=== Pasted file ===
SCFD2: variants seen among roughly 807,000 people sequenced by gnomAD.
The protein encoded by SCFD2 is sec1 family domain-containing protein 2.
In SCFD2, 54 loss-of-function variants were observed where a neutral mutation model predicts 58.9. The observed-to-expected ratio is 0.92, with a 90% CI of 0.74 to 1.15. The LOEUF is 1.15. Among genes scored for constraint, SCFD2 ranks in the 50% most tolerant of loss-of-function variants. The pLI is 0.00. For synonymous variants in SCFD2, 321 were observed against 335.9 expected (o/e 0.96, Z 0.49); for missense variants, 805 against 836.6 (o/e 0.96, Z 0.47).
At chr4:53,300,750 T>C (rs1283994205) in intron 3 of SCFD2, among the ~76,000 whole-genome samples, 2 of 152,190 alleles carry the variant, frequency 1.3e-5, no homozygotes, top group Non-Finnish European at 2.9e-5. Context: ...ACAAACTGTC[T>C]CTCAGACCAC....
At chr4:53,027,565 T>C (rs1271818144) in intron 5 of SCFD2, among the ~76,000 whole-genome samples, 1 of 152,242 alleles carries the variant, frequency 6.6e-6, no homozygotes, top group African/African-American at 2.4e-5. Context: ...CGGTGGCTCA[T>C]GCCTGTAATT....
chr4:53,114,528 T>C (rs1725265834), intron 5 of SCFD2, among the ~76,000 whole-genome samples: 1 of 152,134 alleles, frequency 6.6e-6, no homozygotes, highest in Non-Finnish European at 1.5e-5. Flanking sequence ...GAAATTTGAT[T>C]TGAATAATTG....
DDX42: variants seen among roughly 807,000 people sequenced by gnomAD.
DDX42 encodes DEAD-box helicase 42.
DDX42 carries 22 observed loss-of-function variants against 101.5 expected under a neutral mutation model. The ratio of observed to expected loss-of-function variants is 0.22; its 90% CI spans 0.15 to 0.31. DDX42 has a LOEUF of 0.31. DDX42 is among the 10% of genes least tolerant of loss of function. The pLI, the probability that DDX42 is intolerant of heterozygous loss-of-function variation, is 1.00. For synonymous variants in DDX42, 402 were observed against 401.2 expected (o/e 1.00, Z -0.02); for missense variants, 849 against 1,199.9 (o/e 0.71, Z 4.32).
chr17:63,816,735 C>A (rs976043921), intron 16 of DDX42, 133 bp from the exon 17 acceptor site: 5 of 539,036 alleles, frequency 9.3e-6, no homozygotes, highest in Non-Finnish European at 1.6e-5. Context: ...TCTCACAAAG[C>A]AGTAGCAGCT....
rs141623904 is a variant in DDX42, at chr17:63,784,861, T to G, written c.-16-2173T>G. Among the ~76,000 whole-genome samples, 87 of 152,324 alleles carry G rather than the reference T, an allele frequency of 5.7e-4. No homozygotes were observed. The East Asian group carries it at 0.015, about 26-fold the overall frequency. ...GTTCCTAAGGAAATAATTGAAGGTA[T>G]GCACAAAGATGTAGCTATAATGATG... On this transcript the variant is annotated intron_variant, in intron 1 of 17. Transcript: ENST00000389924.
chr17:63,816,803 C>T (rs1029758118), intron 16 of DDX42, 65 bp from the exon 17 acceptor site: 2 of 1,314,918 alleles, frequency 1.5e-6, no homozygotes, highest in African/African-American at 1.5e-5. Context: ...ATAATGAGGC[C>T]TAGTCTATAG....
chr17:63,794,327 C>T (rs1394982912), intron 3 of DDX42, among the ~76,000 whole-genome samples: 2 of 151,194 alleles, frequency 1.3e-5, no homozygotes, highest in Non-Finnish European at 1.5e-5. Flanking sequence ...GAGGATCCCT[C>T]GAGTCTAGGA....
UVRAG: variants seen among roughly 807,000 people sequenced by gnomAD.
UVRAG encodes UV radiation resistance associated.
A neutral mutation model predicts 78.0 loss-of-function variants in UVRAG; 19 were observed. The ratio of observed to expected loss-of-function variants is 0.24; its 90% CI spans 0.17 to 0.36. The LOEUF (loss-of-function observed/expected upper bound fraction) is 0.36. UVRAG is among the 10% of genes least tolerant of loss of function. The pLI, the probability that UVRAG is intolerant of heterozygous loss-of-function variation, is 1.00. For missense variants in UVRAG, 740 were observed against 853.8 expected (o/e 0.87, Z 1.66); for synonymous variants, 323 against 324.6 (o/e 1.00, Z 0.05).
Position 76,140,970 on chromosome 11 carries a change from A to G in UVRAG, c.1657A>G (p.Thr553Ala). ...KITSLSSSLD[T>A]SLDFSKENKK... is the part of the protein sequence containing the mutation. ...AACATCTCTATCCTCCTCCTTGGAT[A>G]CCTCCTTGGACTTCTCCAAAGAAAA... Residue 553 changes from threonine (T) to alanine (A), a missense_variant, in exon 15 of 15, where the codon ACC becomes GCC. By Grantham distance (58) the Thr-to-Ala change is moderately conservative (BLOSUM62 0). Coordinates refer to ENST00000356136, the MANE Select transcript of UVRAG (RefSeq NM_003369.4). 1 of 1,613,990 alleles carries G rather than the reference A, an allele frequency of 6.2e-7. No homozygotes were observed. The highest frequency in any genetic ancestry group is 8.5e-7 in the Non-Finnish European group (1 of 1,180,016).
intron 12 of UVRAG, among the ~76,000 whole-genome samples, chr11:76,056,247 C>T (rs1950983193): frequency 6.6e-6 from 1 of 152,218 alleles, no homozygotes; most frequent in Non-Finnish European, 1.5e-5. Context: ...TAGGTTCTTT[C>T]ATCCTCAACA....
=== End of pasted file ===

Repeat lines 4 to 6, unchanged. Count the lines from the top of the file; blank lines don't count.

At chr4:53,300,750 T>C (rs1283994205) in intron 3 of SCFD2, among the ~76,000 whole-genome samples, 2 of 152,190 alleles carry the variant, frequency 1.3e-5, no homozygotes, top group Non-Finnish European at 2.9e-5. Context: ...ACAAACTGTC[T>C]CTCAGACCAC....
At chr4:53,027,565 T>C (rs1271818144) in intron 5 of SCFD2, among the ~76,000 whole-genome samples, 1 of 152,242 alleles carries the variant, frequency 6.6e-6, no homozygotes, top group African/African-American at 2.4e-5. Context: ...CGGTGGCTCA[T>C]GCCTGTAATT....
chr4:53,114,528 T>C (rs1725265834), intron 5 of SCFD2, among the ~76,000 whole-genome samples: 1 of 152,134 alleles, frequency 6.6e-6, no homozygotes, highest in Non-Finnish European at 1.5e-5. Flanking sequence ...GAAATTTGAT[T>C]TGAATAATTG....